I thought other posters here might agree with your mom...and I "get" the losing convenience factor is somewhat unfair. But it's a fair trade for me and well worth the peace of mind knowing that I am safe. You can try to teach your roommates and of course they should be educated about your disease, but in the end, it is you who gets sick and not them. So if keeping your stuff separate will help you, I say it's well worth it.

I was thinking though, that you do need separate condiments and not try to teach them the drop method and think that it is ok. If you think about how easy it is to stick your knife back in mayo because you need a little more, it is just the most difficult little habit to break.

I worked for a woman who agreed to keep her stuff gluten free and was interested in learning about gluten free and cross contamination and she learned the drop method to keep me safe. But she noted that each time she wanted a bit more mayo it meant getting another knife or spoon to dip it out. She said people would have to be really dedicated to you to want to do this for you. Haha! So I let her go back to using her condiments the way she was used to and I brought my own! In a situation with roommates I wouldn't expect them to remember to do this. Your mom-yes~ but roommates um no...just the way to be safer.

I love your idea of the pantry on wheels!

0

Share this post


Link to post
Share on other sites

Create an account or sign in to comment

You need to be a member in order to leave a comment

Create an account

Sign up for a new account in our community. It's easy!


Register a new account

Sign in

Already have an account? Sign in here.


Sign In Now
0

  • Forum Statistics

    • Total Topics
      102,707
    • Total Posts
      914,509
  • Topics

  • Posts

    • 3 months gluten-free still feeling cramps
      Glad to help!   Never stop advocating for your health.  Be patient (that's the really hard part), but it is possible to feel well and recover from celiac disease.  Of course, you'll always have to avoid gluten as if it were rat poisoning, but there are worst things to worry about!    It is nice to have a resource like Celiac.com.  It is anonymous, so you don't have to be embarrassed about asking what you may think are dumb questions.   Hang in there!  
    • Ghirardelli Chocolate Chips
      Well, that is just wheat. Their bars/squares might be wheat free, as well, but the culprit there is barley.    Also I just got this reply: For legal reasons the information that has been provided is the only information we are authorized to provide you with.  To reiterate, our products are not certified as being gluten free. FDA requires products to be tested to confirm that gluten level is below 20ppm. Currently, Ghirardelli products have not been tested to this requirement and therefore, we do not make any gluten free claims for our products. Sincerely,  Ghirardelli Consumer Services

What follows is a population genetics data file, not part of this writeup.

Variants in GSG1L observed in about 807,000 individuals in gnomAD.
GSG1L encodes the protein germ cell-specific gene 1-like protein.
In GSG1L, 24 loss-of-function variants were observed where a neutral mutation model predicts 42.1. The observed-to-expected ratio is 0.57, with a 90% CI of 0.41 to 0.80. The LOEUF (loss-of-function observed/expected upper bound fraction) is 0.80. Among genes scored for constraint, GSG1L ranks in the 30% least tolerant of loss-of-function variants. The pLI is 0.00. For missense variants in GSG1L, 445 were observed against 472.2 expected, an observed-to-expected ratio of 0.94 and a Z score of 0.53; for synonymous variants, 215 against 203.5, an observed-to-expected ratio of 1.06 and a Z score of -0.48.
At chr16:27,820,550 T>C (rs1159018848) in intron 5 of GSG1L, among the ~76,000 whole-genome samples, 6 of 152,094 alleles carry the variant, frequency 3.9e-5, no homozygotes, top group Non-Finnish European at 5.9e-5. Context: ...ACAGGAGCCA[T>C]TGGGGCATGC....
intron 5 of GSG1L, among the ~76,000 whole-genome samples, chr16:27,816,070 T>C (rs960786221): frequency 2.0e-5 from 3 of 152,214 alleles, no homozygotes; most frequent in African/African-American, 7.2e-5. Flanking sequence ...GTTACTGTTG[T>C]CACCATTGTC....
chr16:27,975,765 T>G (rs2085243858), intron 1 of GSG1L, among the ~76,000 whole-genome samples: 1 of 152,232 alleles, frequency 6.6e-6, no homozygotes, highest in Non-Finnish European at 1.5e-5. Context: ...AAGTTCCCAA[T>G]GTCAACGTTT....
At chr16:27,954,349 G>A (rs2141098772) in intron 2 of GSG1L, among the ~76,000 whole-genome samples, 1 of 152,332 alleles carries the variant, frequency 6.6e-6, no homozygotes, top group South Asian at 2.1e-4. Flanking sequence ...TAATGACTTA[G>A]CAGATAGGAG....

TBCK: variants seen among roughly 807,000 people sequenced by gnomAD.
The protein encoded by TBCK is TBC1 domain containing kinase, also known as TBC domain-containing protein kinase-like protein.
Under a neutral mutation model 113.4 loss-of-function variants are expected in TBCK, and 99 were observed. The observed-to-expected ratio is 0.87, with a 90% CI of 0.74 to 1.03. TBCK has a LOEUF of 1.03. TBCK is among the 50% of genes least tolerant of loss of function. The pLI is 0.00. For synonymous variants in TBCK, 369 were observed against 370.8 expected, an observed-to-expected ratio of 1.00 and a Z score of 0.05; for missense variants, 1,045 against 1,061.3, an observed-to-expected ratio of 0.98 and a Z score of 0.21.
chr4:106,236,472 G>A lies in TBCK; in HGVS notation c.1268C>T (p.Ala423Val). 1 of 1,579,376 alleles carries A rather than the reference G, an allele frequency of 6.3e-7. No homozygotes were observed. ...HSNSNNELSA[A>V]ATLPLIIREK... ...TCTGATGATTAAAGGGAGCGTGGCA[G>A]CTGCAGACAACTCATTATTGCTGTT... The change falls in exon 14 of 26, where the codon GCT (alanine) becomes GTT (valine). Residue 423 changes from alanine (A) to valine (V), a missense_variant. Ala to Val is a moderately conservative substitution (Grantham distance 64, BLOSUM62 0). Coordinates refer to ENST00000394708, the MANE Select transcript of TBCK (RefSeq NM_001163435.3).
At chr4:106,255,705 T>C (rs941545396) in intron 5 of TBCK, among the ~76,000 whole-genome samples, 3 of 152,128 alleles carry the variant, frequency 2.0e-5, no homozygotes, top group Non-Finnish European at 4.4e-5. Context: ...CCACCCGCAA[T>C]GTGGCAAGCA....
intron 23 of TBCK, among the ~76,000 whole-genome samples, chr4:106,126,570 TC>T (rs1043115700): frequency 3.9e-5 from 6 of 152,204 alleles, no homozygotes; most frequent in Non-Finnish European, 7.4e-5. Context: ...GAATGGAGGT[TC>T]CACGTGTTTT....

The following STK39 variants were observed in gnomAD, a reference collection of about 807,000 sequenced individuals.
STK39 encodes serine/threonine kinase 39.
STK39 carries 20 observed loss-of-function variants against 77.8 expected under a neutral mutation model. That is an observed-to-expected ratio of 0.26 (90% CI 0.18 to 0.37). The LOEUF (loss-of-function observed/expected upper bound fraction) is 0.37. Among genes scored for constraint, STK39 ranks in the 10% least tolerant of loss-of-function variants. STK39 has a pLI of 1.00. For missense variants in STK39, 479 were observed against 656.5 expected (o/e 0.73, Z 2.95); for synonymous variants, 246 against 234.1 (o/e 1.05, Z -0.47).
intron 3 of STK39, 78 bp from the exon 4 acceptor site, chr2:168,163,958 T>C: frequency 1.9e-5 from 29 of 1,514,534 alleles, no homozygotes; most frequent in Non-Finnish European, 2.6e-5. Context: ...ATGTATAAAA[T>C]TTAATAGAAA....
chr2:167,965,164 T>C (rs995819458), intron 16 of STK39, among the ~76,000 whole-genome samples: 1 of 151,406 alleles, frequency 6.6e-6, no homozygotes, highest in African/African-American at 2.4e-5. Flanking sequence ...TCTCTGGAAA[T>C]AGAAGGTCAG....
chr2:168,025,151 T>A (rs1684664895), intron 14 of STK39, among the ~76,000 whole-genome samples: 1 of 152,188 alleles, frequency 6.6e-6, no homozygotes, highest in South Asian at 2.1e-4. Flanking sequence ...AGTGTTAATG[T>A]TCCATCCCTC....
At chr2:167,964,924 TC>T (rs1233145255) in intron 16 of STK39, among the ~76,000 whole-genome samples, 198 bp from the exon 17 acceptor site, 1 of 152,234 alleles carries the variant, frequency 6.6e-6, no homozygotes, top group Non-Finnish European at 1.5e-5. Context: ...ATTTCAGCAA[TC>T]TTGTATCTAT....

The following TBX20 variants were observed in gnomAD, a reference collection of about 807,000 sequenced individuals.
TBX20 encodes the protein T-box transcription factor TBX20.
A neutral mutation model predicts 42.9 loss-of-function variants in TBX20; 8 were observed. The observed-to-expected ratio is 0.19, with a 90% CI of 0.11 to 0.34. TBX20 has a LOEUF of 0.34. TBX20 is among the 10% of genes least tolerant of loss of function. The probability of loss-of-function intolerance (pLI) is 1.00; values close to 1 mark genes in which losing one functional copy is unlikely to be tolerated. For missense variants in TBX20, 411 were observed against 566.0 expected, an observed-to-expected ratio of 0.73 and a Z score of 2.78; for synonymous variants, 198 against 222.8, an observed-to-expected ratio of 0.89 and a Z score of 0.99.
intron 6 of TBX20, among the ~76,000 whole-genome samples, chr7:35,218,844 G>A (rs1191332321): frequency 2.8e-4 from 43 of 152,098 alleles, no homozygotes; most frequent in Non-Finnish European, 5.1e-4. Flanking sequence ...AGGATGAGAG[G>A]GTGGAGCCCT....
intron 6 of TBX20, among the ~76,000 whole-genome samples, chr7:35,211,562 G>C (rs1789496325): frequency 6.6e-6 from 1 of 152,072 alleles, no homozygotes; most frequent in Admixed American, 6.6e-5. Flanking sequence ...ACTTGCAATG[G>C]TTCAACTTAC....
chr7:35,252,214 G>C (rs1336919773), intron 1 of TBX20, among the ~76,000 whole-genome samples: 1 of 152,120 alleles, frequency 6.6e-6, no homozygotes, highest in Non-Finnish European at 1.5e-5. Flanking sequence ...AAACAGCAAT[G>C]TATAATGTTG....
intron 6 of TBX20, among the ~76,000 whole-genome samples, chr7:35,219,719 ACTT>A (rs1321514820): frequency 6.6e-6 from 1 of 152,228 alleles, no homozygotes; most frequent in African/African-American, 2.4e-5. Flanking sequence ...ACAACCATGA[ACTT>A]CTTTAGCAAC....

• Ghirardelli Chocolate Chips
      They seem to be good about saying things may contain wheat when their products are made on shared equipment, for example their ground chocolate which I no longer use.   This is the reply I got a year ago (March 2015) when asking about their 60% cacao chips. "Dear Consumer, There is no wheat in our 60% chips and no wheat in our chips facility, as such, no wheat is run on the same line as any of our chips. Sincerely, Consumer Affairs Response Team"  
    • 3 months gluten-free still feeling cramps
      Thank you so much for the info, I did replace all my cooking wares and I did just recently stop dairy (about 3 weeks ago). I guess I have to keep it going, thank you once again, this give me more courage to continue my quest in feeling better.
    • Ghirardelli Chocolate Chips
      Hey guys,  I emailed Ghirardelli to ask about their updated allergen information because I had heard that people stopped recommending most of their products. I was specifically asking about their chocolate chips because my understanding is that they are free of gluten and not made on the same lines as that one bar/square that contains barley. This is what I received back:
      "Thank you for contacting Ghirardelli Chocolate Company.  We appreciate your interest in finding out about the ingredients in our products and your interest in a gluten free product.

      At this time we do not offer any "gluten free" products, but appreciate your interest in seeing whether Ghirardelli offers one.  Our products are not certified as being gluten free. FDA requires products to be tested to confirm that gluten level is below 20ppm. Currently, Ghirardelli products have not been tested to this requirement and therefore, we do not make any gluten free claims for our products. Please reference the ingredient information, on our packaging for any Ghirardelli product that you are interested in, to determine if it is suitable for you.

      Please know you are a valued consumer and we do appreciate your interest in our products.

      Sincerely,

      Consumer Affairs Response Team"   I asked them to please clarify - are your products testing over 20ppm? Or you don't test them at all? I also asked about the lines that the chocolate chips are made on because the ingredients do not indicated any problems. The customer service rep sent me the exact same message back with one of the lines underlined. I emailed again, and they don't seem to want to disclose any more information.   Has anyone else had any luck talking with them lately? Insights on the chocolate chips?
  • Upcoming Events

  • Blog Entries

  • Recent Status Updates

  • Who's Online (See full list)

  • Member Statistics

    • Total Members
      59,749
    • Most Online
      1,763

    Newest Member
    rockymountainhigh
    Joined